Tony Hopkinson
Tony Hopkinson

or it's purpose? If a query takes hours to develop, (as opposed to run, which might the result of other more necessary design compromises), someone forgot why the database existed in the first place. To use...

RayJeff
RayJeff

The data and understanding how it meshes with the direct users of said data is ALWAYS important. I had that understanding because I worked with the professors in the division where the data was coming from. I could go to them and vice versa to discuss the requirements and the needs of the data and the database. And likewise, influenced how the database design. I had to "worked" with an IT person on the database. They took all of the design info from the database I designed and created a "new" database. And while you and others have mentioned that the design might look textbook, in reality it doesn't work; well, same here. For a while, I thought I was looking at a textbook example. But, for what that database was designed for, it just didn't work. The ultimate example was one crucial SQL query. It was a major query as it gathered data from the majority of the main info tables. In essence, the query returned no data. That same query that was used in the database I created worked fine. What makes this example so important was that the database was being presented on the last day of a week-long visit by a group of examiners. The examiners were on-campus because the program in the division I worked for was being reviewed for initial accreditation for a national body. The database was the last part of review, as the examiners needed to see how data academic, faculty and college-wide data was being storage, aggregated and reported. Came in that morning to do the final checks of the database and that particular query didn't run. What it came down to was that I had 8 hours to fix the query before the examiners came in to review it. You would think that the IT person would be the one to fix the problem, but they didn't-I wonder why? Everyone, from my supervisor, the division chairperson, even the IT person was on pins and needles, coming by almost every hour to check my progress. I don't even remember how I fixed it-I probably was able to modify the query to run like the query in the other database. But, I did with a little bit of time to spare. But, it' goes to show that if the IT person had an understanding of the data, then there wouldn't been a need to create another database and there wouldn't been a major problem to come up in the 11th inning of the game.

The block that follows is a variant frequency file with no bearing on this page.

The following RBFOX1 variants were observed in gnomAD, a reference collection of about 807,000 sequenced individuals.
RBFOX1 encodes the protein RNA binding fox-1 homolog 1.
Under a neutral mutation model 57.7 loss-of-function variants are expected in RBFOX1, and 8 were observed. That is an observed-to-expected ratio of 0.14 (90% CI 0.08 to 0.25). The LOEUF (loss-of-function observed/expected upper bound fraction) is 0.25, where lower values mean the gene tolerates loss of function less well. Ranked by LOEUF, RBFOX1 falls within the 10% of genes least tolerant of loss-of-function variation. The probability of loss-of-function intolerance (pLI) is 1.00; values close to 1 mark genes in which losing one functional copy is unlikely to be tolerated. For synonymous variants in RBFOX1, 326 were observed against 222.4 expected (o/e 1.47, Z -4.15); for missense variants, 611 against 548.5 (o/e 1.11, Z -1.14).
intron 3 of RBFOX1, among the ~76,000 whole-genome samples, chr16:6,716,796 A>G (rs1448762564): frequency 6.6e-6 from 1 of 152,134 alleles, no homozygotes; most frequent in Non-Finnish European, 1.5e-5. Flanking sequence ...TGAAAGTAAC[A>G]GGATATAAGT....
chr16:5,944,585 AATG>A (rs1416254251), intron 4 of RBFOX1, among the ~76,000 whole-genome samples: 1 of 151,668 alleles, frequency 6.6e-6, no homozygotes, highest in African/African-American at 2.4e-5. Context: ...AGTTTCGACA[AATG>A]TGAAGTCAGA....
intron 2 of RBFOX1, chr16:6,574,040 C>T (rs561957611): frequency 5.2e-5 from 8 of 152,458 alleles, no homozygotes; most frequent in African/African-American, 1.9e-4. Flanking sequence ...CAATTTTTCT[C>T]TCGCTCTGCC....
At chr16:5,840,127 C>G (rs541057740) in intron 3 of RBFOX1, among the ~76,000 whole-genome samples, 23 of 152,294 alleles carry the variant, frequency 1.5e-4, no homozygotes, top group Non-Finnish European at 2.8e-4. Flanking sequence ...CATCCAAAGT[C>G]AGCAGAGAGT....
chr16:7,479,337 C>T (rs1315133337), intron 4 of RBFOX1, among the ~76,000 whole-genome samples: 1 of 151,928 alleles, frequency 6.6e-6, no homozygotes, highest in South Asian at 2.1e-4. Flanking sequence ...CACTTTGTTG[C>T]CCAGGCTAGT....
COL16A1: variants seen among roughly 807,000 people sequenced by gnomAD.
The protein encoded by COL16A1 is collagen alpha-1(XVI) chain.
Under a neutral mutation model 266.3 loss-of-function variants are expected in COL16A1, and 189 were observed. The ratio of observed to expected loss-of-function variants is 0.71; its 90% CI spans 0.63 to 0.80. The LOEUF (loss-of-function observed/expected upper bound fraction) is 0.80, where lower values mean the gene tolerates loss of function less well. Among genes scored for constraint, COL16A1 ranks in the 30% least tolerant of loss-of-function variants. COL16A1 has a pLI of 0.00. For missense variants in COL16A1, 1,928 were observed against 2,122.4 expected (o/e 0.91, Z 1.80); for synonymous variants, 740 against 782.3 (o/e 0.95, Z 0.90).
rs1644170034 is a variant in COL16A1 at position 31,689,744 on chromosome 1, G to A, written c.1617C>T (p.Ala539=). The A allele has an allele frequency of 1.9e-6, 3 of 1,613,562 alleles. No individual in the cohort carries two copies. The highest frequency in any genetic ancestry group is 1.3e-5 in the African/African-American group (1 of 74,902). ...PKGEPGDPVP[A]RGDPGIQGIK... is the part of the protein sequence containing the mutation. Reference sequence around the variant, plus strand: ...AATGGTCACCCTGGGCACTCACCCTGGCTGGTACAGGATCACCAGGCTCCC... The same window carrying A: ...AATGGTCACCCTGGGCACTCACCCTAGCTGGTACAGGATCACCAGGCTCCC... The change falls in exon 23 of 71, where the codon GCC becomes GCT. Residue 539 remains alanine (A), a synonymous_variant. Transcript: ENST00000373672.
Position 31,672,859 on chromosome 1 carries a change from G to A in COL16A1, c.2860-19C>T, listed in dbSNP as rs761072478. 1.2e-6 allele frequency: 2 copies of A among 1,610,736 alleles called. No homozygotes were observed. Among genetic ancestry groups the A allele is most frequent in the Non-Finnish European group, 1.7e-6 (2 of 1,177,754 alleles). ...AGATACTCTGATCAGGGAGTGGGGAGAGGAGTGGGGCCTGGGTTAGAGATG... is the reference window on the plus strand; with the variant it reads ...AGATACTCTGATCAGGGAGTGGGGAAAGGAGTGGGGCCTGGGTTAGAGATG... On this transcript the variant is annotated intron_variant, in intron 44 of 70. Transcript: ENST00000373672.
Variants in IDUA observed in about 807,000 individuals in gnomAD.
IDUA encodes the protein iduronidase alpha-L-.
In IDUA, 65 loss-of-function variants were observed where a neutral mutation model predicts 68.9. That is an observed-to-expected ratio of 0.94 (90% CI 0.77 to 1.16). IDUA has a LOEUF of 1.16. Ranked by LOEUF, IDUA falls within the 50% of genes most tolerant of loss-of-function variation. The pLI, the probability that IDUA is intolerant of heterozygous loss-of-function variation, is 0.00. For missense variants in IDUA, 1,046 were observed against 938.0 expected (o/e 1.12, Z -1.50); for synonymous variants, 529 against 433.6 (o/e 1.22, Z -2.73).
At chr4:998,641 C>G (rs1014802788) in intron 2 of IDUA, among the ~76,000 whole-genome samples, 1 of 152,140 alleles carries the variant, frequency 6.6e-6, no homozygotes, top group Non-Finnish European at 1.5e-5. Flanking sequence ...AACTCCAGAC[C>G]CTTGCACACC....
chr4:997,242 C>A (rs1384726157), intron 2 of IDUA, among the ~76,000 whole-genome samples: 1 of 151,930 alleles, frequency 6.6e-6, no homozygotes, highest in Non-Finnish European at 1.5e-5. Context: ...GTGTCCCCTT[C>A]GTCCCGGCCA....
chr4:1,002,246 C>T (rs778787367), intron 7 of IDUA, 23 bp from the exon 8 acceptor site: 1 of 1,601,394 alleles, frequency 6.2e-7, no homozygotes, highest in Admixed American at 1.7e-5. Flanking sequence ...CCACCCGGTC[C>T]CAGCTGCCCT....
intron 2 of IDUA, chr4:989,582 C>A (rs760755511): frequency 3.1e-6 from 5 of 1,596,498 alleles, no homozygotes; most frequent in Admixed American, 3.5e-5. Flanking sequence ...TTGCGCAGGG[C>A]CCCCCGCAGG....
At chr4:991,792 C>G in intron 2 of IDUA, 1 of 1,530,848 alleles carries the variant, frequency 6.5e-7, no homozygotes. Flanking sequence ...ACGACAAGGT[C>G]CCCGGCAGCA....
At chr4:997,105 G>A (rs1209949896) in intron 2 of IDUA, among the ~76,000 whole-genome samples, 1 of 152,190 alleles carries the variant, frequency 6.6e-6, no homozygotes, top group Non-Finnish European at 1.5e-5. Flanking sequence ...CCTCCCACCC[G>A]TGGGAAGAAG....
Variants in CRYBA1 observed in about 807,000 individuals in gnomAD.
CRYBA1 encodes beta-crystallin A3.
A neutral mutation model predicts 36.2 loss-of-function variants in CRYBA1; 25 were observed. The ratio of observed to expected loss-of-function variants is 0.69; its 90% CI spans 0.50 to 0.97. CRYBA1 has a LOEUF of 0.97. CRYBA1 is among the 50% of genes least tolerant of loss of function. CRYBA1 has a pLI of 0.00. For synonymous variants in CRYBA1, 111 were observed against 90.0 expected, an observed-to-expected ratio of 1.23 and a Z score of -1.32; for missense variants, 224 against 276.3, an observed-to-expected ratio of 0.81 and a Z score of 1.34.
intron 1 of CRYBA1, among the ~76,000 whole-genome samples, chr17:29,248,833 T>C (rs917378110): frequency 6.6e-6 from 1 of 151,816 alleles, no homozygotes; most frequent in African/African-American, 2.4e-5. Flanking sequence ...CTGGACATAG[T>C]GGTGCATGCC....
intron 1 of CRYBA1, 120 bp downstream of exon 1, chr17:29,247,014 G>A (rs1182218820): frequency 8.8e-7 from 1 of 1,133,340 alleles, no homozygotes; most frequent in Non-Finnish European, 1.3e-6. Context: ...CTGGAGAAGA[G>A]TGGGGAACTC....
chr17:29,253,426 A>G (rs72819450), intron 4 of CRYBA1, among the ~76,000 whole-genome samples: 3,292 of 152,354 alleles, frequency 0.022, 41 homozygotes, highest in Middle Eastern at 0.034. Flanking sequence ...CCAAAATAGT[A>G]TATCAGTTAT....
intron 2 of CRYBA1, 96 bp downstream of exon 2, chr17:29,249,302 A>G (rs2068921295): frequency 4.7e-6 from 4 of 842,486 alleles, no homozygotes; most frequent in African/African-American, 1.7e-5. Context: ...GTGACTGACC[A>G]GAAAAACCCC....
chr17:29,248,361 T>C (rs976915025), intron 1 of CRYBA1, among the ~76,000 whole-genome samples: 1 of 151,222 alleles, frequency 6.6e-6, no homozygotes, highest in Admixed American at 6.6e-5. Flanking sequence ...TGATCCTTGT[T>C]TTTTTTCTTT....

Tony Hopkinson
Tony Hopkinson